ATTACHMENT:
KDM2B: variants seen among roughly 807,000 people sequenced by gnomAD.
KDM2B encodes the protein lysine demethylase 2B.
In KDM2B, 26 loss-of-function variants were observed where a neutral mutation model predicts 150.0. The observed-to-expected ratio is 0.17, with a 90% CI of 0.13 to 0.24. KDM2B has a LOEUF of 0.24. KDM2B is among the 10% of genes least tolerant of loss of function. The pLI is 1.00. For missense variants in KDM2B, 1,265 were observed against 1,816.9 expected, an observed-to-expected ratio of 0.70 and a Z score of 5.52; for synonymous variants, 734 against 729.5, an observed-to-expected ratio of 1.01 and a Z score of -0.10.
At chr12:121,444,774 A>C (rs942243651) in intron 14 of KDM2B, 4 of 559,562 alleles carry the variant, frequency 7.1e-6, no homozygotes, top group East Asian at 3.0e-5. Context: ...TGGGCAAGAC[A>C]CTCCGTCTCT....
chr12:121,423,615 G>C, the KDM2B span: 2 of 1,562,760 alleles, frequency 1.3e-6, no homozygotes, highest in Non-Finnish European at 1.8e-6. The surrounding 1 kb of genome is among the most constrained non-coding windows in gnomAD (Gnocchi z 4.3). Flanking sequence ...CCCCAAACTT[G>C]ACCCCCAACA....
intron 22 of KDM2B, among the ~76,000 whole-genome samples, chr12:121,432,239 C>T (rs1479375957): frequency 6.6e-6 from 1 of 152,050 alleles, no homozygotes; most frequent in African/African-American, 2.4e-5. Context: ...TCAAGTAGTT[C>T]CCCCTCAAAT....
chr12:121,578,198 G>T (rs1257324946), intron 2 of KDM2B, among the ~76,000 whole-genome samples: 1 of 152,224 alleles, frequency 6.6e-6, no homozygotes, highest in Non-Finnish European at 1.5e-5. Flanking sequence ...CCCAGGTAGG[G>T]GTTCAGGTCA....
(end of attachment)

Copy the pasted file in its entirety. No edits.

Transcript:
KDM2B: variants seen among roughly 807,000 people sequenced by gnomAD.
KDM2B encodes the protein lysine demethylase 2B.
In KDM2B, 26 loss-of-function variants were observed where a neutral mutation model predicts 150.0. The observed-to-expected ratio is 0.17, with a 90% CI of 0.13 to 0.24. KDM2B has a LOEUF of 0.24. KDM2B is among the 10% of genes least tolerant of loss of function. The pLI is 1.00. For missense variants in KDM2B, 1,265 were observed against 1,816.9 expected, an observed-to-expected ratio of 0.70 and a Z score of 5.52; for synonymous variants, 734 against 729.5, an observed-to-expected ratio of 1.01 and a Z score of -0.10.
At chr12:121,444,774 A>C (rs942243651) in intron 14 of KDM2B, 4 of 559,562 alleles carry the variant, frequency 7.1e-6, no homozygotes, top group East Asian at 3.0e-5. Context: ...TGGGCAAGAC[A>C]CTCCGTCTCT....
chr12:121,423,615 G>C, the KDM2B span: 2 of 1,562,760 alleles, frequency 1.3e-6, no homozygotes, highest in Non-Finnish European at 1.8e-6. The surrounding 1 kb of genome is among the most constrained non-coding windows in gnomAD (Gnocchi z 4.3). Flanking sequence ...CCCCAAACTT[G>C]ACCCCCAACA....
intron 22 of KDM2B, among the ~76,000 whole-genome samples, chr12:121,432,239 C>T (rs1479375957): frequency 6.6e-6 from 1 of 152,050 alleles, no homozygotes; most frequent in African/African-American, 2.4e-5. Context: ...TCAAGTAGTT[C>T]CCCCTCAAAT....
chr12:121,578,198 G>T (rs1257324946), intron 2 of KDM2B, among the ~76,000 whole-genome samples: 1 of 152,224 alleles, frequency 6.6e-6, no homozygotes, highest in Non-Finnish European at 1.5e-5. Flanking sequence ...CCCAGGTAGG[G>T]GTTCAGGTCA....